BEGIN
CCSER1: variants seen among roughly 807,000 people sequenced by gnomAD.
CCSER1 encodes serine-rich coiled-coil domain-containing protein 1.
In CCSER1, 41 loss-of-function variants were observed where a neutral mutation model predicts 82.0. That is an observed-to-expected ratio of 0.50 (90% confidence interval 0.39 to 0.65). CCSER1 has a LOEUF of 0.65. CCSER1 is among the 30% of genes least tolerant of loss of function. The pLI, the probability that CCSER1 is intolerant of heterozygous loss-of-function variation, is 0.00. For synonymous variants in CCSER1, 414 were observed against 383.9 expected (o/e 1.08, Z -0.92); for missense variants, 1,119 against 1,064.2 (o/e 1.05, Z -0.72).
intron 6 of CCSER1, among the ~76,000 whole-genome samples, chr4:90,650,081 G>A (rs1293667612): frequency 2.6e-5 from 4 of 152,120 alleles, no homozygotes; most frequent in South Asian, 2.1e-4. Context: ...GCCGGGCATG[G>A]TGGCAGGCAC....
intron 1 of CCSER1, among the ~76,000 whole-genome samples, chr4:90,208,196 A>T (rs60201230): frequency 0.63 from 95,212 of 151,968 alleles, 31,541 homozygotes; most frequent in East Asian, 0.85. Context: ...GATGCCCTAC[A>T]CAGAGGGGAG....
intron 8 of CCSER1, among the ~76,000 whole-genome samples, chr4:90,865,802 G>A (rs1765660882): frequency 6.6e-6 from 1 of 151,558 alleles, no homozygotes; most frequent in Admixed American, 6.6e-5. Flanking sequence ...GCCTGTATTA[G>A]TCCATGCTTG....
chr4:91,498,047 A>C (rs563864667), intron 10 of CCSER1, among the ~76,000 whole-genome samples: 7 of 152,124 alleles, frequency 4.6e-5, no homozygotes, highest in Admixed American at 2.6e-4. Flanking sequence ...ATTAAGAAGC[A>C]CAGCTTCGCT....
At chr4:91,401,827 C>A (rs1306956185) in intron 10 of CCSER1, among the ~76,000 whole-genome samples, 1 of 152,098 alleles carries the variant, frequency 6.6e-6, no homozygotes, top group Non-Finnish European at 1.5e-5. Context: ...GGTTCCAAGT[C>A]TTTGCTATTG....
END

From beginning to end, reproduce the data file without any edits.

CCSER1: variants seen among roughly 807,000 people sequenced by gnomAD.
CCSER1 encodes serine-rich coiled-coil domain-containing protein 1.
In CCSER1, 41 loss-of-function variants were observed where a neutral mutation model predicts 82.0. That is an observed-to-expected ratio of 0.50 (90% confidence interval 0.39 to 0.65). CCSER1 has a LOEUF of 0.65. CCSER1 is among the 30% of genes least tolerant of loss of function. The pLI, the probability that CCSER1 is intolerant of heterozygous loss-of-function variation, is 0.00. For synonymous variants in CCSER1, 414 were observed against 383.9 expected (o/e 1.08, Z -0.92); for missense variants, 1,119 against 1,064.2 (o/e 1.05, Z -0.72).
intron 6 of CCSER1, among the ~76,000 whole-genome samples, chr4:90,650,081 G>A (rs1293667612): frequency 2.6e-5 from 4 of 152,120 alleles, no homozygotes; most frequent in South Asian, 2.1e-4. Context: ...GCCGGGCATG[G>A]TGGCAGGCAC....
intron 1 of CCSER1, among the ~76,000 whole-genome samples, chr4:90,208,196 A>T (rs60201230): frequency 0.63 from 95,212 of 151,968 alleles, 31,541 homozygotes; most frequent in East Asian, 0.85. Context: ...GATGCCCTAC[A>T]CAGAGGGGAG....
intron 8 of CCSER1, among the ~76,000 whole-genome samples, chr4:90,865,802 G>A (rs1765660882): frequency 6.6e-6 from 1 of 151,558 alleles, no homozygotes; most frequent in Admixed American, 6.6e-5. Flanking sequence ...GCCTGTATTA[G>A]TCCATGCTTG....
chr4:91,498,047 A>C (rs563864667), intron 10 of CCSER1, among the ~76,000 whole-genome samples: 7 of 152,124 alleles, frequency 4.6e-5, no homozygotes, highest in Admixed American at 2.6e-4. Flanking sequence ...ATTAAGAAGC[A>C]CAGCTTCGCT....
At chr4:91,401,827 C>A (rs1306956185) in intron 10 of CCSER1, among the ~76,000 whole-genome samples, 1 of 152,098 alleles carries the variant, frequency 6.6e-6, no homozygotes, top group Non-Finnish European at 1.5e-5. Context: ...GGTTCCAAGT[C>A]TTTGCTATTG....